“It’s hard to have Becky Edwards as a mom and not want to make a difference in your community,” Jayne said. 

During her time in the Utah House, Edwards chaired the Committee on Economic Development and Workforce Services, and was co-chair of numerous groups, including the Clean Air Caucus, where she saw one of her most notable projects become law.

Edwards was the chief sponsor of HCR7, which made Utah the first Republican-led state to officially recognize the impact of human activity on the climate and stated the government’s role in encouraging individuals and organizations to reduce emissions.

Edwards also supported efforts to expand the state housing tax credit, increase funding for public education and require paid family leave.

Edwards calls this “commonsense conservatism,” but while she was recognized as a “Business Champion” by the Salt Lake City Chamber of Commerce, she consistently had among the lowest scores for a Republican on conservative and libertarian legislative scorecards.

But while Edwards says she believes in the government’s ability to assist those who lack the capacity, family or community to thrive on their own, she says she holds firm conservative convictions about the limitations of the public sector.

“I think it’s obvious that government is never the solution to everything. And it certainly isn’t probably the first place we should look either,” she said.

But when it’s clear that government should get involved, policy must always be informed by its impacts on real people and their unique situations, Edwards said, recalling a time when her church service in the Salt Lake County Oxbow Jail allowed her to influence legislative discussions about justice reform to more accurately reflect the boots-on-the-ground reality.

“It just puts a human face on it and it was gratifying to see what we were able to accomplish when we brought geography, gender, and political viewpoints together and really worked to govern and get things done,” she said.

Edwards left office on Dec. 31, 2018, after serving five terms and reaching her self-imposed term limit.

The following year, she and her husband left on a mission for The Church of Jesus Christ of Latter-day Saints to American Samoa, where she was the area mental health adviser.

Edwards said her mission provided her with a unique outside perspective on American politics.

“Watching the divisive dialogue around politics just increase in a really destructive way, I thought we can do better. We need to do better,” she said. 

Becky Edwards talks with Stansbury Park resident Amy Stewart at an informal meet and greet at Porter Way Park in Stansbury Park on Thursday, July 20, 2023. Edwards is one of the candidates running for the congressional seat being vacated by Rep. Chris Stewart. | Megan Nielsen, Deseret News

What does Edwards hope to accomplish as a member of Congress?

So, in May 2021, five months after returning from her mission, Edwards decided to mount a primary challenge against Sen. Mike Lee, who she saw as a politician not willing to overcome partisan pressures.

Though Edwards’ campaign broke state records for the number of individual donors, and the number of votes received by a woman in a statewide primary race, she received less than 30% of the total Republican primary vote. 

But Edwards’ unsuccessful Senate campaign set her up for a quick response to Congressman Stewart’s resignation. In what feels like almost a continuation of her last campaign, Edwards says her latest bid for Congress has been a “series of short sprints.”

Edwards was the first to declare her candidacy in the race and became the first to gather the 7,000 signatures needed to qualify for the primary after her elimination at the Utah GOP’s special nominating convention.

David Warner, a Salt Lake County delegate who voted for Edwards at the convention, said her track record of working across the aisle to solve problems helped her earn his vote.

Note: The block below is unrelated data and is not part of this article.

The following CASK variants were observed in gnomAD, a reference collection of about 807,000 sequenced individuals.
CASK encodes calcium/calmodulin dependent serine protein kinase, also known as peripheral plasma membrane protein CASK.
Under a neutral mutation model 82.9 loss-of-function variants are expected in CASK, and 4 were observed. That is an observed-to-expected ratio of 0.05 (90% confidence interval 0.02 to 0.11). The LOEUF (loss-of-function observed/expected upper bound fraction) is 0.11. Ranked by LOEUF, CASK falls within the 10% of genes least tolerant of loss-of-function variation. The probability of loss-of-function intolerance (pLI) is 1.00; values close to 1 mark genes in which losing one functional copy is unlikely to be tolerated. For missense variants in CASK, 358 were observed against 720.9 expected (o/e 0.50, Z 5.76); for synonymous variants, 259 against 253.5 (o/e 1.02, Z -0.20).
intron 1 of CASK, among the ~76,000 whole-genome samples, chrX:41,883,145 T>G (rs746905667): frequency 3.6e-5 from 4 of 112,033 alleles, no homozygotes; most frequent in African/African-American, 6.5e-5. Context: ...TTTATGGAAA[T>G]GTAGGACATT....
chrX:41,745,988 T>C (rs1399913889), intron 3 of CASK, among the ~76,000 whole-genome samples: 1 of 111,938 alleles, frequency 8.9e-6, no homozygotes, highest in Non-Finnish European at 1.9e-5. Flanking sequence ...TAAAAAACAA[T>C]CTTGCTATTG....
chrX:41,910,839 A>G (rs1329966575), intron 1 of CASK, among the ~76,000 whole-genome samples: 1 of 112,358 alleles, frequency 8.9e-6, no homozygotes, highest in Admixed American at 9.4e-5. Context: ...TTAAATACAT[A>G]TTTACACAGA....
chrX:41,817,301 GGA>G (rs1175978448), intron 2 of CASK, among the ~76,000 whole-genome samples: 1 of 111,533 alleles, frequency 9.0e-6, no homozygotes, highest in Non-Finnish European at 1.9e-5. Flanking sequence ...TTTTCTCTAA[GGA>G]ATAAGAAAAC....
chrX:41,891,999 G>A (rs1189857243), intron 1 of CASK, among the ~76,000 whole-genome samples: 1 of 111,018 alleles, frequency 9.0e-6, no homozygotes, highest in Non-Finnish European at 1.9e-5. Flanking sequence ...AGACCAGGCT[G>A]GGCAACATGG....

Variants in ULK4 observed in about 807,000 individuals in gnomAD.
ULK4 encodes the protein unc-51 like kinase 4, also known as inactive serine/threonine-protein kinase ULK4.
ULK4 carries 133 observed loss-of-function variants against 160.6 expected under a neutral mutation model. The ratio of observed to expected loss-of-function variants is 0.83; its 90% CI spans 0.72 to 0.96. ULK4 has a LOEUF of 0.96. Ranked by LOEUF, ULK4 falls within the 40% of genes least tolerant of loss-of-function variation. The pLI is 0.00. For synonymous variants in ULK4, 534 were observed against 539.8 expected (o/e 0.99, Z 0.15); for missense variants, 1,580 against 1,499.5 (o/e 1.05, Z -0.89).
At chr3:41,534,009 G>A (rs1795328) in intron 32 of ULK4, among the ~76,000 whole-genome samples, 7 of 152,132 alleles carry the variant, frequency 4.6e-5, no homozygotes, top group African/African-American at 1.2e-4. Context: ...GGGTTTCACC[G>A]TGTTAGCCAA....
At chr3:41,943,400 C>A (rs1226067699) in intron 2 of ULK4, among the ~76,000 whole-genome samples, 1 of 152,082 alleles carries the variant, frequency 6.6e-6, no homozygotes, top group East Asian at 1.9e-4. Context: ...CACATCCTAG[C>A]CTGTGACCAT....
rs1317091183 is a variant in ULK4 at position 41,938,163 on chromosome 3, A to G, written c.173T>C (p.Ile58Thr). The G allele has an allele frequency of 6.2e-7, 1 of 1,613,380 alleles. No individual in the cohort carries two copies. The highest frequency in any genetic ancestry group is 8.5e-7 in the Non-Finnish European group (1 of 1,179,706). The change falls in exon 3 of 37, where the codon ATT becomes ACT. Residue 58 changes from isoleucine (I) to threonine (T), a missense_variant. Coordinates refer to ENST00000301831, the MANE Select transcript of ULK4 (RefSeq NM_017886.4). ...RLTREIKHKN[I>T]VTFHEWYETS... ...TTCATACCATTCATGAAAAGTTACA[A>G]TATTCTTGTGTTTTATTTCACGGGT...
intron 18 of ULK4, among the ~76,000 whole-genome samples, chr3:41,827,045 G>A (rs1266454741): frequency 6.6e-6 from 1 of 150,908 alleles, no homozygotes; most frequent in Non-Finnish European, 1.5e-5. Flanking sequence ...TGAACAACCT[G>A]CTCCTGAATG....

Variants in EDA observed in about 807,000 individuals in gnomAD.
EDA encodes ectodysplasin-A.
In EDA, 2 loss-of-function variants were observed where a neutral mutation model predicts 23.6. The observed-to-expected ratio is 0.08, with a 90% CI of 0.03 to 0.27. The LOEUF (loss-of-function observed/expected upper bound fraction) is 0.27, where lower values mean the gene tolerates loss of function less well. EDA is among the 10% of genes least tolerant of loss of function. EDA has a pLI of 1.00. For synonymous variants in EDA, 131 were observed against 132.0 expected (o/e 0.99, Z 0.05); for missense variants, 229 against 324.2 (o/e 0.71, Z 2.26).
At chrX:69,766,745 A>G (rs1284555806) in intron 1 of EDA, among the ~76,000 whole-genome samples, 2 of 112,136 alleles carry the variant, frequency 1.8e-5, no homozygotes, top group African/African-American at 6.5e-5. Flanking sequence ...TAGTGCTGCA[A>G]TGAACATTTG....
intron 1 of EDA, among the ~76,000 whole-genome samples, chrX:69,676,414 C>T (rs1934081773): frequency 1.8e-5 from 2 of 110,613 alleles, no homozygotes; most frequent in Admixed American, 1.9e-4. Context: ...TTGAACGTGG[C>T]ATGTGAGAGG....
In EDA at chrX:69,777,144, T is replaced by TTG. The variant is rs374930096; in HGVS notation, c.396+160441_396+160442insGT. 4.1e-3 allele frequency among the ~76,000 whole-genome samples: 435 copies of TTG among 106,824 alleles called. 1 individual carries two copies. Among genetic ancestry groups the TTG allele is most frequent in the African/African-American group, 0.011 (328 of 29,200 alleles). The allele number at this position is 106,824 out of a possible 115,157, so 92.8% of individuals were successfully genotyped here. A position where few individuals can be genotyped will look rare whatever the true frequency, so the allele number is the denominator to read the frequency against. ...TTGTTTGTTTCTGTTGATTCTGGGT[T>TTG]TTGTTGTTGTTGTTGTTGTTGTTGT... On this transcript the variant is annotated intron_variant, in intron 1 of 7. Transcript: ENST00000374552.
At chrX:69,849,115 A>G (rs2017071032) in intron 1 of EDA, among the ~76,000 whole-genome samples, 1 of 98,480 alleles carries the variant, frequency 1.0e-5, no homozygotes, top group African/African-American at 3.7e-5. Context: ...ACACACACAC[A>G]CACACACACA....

“We don’t need enemies in Congress, we need people who will work with one another, we need states people,” he said.

Edwards says that by using her leadership and coalition-building skills she will be able to address the issues that unite the 2nd Congressional District. The issues that would be top of mind if elected would be financial responsibility, immigration, jobs and the economy, and resource management, which includes water infrastructure and public lands management, Edwards said.

When asked what she would do to address the nation’s debt, Edwards said she would demand that federal agencies make drastic cuts and improve efficiency, just like she did as a state lawmaker during the great recession. She added that Congress can’t keep waiting for crisis situations, like approaching the debt ceiling, to cut spending, and that the real solutions have to come “upstream” during budget talks.

On the question of Ukraine, Edwards said showing strength against Russia and in support of our allies is key for national security.

“However, we want to make sure that this doesn’t turn into a longstanding, years long, Afghanistan situation. We need to have some accountability, some plan of ‘when do we know we’ve finished?’” Edwards said.

Becky Edwards poses at an informal meet and greet at Porter Way Park in Stansbury Park on Thursday, July 20, 2023. Edwards is one of the candidates running for the congressional seat being vacated by Rep. Chris Stewart. | Megan Nielsen, Deseret News

Finish line in sight as controversy remains

Years spent in Utah’s political spotlight has brought added scrutiny of Edwards’ congressional bid.

During the 2020 presidential race, while she was on her mission, Edwards joined Women of Faith Speak Up and Speak Out to urge Republicans not to vote for Trump, and she chose to vote for Biden. Edwards said at a debate prior to the nominating convention that she regretted issuing statements in support of Biden and she later told the Deseret News she thinks the president has given in to the partisan extremes of his party.

Edwards has also received criticism from conservatives for suggesting the Supreme Court should not have revisited Roe v. Wade and for encouraging Democrats to register as Republicans to be able to participate in GOP primaries.

Republican state legislator Raymond Ward described Edwards as “a mainline Republican” and noted that while her primary opponents claim to be conservative, they have no voting record to support them, unlike Edwards. 

“I think if you look at Becky’s record it’s a solid Republican record,” he said. 

Edwards points to her volunteer signature-gathering success and fundraising as proof that she has grassroots support across the district.

At the end of the second quarter, Edwards had raised the most money of any of the candidates, $307,500, including a $100,000 loan to her own campaign. Hough raised $262,000, including a $203,000 loan, and Maloy raised $72,500. 

Though the Utah Debate Commission will not hold a debate prior to the Sept. 5 primary election, the Utah Republican Party has said it is open to hosting one, an opportunity Edwards said she is looking forward to.

“I’m a 30 year resident in this district who has a legacy of service, a commitment to this state, and a love of our way of life and the Utah way of doing things, and a commitment to help Americans grow and thrive and prosper,” Edwards said.